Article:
Happy 4th from a Vermonter! No, wait I am technically a flatlander…

I had breakfast with the boys this morning. The local boys. Vermont locals. Vermonters. My husband and I decided to go out for breakfast this morning after our early Sunday morning run. After all it was the 4th of July. We felt festive as we made our way down the street to the local general store just 2.1 miles from our house. We placed our breakfast order with a familiar face. We see her daily as we pick-up our mail at the very same location. Pleasantries were exchanged. We grabbed some hot coffee on our way to find a seat at “the table” in the back of the store. A young couple was just finishing their coffee. We asked to share the ample space and sat down. They were soon to say goodbye and leave just we two. We chatted about the day ahead while waiting for breakfast. Soon, three men appeared at “the table.”

 “We meet here every Sunday for coffee” one gentleman stated. Staking their claim? Yes, it may be the 4th of July, but it still is a Sunday was the inference.  No exceptions. How can they be staking their claim over a table that is brand new? The general store’s recent extensive renovations have just been completed. Tradition or attrition? Their stance was as firm as their resolve. Soon one sat, while another pulled out a chair and the third sat closely on my right. We were immediately informed that this is where “the men meet” and I quickly responded “well, this week there is a “girl” in the mix.” They welcomed the thought of a new and fresh opinion. To which my husband of a thousand years was quick to respond, “oh don’t worry about that as she has plenty of opinions.” Whose side was he on????  Immediately I understood my work here is not yet done…

The coveted table at the back of the general store is where friends meet. Locals. A daily meeting of the minds. As we all settled into our early Sunday coffee the conversation started off with “where are you folks from?” I could have put money on that one. “Apparently our “flatlanderness” spoke before we did. Our attempt to fit in was on the line. We immediately responded that we live just down the road. We LIVE here. “Whose house did you buy” was the chaser. Did they think we were one of the many Covid-19 refuges that have recently moved to Vermont? My husband chimed in with “we bought our house 7 years ago.” Yeah, you tell ‘em honey in your crisp new Orvis polo shirt and khaki shorts. I smiled to myself. The group’s eyeroll was audible. A valiant attempt by my husband but it could have been 127 years and it wouldn’t have mattered.  Acceptability must be substantiated with a Vermont birth certificate.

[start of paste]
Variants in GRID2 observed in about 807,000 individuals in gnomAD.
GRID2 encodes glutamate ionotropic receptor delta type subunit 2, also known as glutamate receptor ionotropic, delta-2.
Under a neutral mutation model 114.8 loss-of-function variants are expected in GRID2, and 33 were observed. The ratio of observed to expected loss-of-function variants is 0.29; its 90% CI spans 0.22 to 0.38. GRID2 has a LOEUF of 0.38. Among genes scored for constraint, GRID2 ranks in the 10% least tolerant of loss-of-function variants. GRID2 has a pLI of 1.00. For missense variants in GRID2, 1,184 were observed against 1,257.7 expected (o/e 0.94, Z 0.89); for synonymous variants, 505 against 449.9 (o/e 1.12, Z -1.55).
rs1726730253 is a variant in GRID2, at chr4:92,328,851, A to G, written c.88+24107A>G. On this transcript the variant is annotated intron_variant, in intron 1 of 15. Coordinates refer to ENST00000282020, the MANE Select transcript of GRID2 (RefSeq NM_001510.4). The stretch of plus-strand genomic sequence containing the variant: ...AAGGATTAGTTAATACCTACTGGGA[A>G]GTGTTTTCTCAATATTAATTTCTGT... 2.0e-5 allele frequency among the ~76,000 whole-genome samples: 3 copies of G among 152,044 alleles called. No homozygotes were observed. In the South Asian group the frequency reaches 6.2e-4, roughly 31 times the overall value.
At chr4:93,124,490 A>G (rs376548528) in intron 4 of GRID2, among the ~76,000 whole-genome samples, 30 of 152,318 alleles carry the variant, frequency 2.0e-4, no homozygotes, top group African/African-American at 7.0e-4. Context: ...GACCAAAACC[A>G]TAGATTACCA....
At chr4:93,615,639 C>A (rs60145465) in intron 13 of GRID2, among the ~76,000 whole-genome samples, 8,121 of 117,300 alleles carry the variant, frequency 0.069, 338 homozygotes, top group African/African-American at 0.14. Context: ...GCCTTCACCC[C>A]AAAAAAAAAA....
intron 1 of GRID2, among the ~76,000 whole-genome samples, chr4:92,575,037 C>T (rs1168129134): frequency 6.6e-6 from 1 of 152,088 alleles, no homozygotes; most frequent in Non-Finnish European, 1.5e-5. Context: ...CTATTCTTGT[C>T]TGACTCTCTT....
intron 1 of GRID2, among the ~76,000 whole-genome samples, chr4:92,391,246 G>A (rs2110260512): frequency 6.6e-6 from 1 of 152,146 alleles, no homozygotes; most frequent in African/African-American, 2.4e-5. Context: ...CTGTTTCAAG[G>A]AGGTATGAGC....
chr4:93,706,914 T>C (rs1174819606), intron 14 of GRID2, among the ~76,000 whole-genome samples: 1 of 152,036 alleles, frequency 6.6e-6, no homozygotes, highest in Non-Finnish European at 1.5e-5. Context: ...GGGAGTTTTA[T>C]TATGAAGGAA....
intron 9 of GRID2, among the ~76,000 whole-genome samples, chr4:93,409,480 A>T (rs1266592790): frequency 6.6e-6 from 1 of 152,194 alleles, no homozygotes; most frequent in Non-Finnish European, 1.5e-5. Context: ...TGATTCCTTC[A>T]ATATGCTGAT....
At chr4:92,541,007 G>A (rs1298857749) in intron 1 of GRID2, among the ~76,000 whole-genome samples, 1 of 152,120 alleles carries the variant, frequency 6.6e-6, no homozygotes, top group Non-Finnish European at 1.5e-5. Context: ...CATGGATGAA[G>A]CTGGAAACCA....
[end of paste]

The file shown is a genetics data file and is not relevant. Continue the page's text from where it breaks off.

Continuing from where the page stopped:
The conversation flowed. We were happy to listen. Their language was easy and familiar. Old friends. Economical word choices supported by mutual understanding. Years together filled in the blank spaces of an unfinished sentence.  A dry sense of humor brought laughter to the forefront. The truth exaggerated for our benefit or by habit was unknown, but the entertainment factor was wonderful. I grew up in a rural dairy farming community in Massachusetts so while this brand of New Englander was somewhat new it was also delightfully familiar to me.

An exchange of ideas about how best to deal with the unwelcome guests plaguing our homes was a big topic. No, not flatlanders but animals. Damage by porcupines and woodchucks was hashed out. I spoke about the adolescent bear that was outside our kitchen window just yesterday morning. “Those are the most bothersome” I was told by one of my new acquaintances. He went on to explain to me why; “they have just been booted out and are learning how to be on their own. They are figuring things out.” Apparently, adolescents are challenging whether human or animal. I valued his words.

Knowledge and wisdom flowed as easily as the coffee. Practical in nature. Tried and true. Either passed down through the many generations or experience has been their teacher. There is a valued self-reliance that comes with living remotely. I admire it. I respect it. I find there is a grace and an elegance in the hard-working people that have called this beautiful, rugged, and mountainous state home.

I paint Vermont images. I write about my Vermont life. Today I was privy to and surrounded by the real Vermont and I loved it. Already hoping for a next time…

“Knowledge comes, but wisdom lingers. It may not be difficult to store up in the mind a vast quantity of facts within a comparatively short time, but the ability to form judgments requires the severe discipline of hard work and the tempering heat of experience and maturity.” Calvin Coolidge

Author: Elizabeth Ricketson

A graduate of Providence College with a BA in English, Elizabeth Ricketson has always had a love of literature and the fine arts. Elizabeth’s essays focus on life experiences and life in Vermont.

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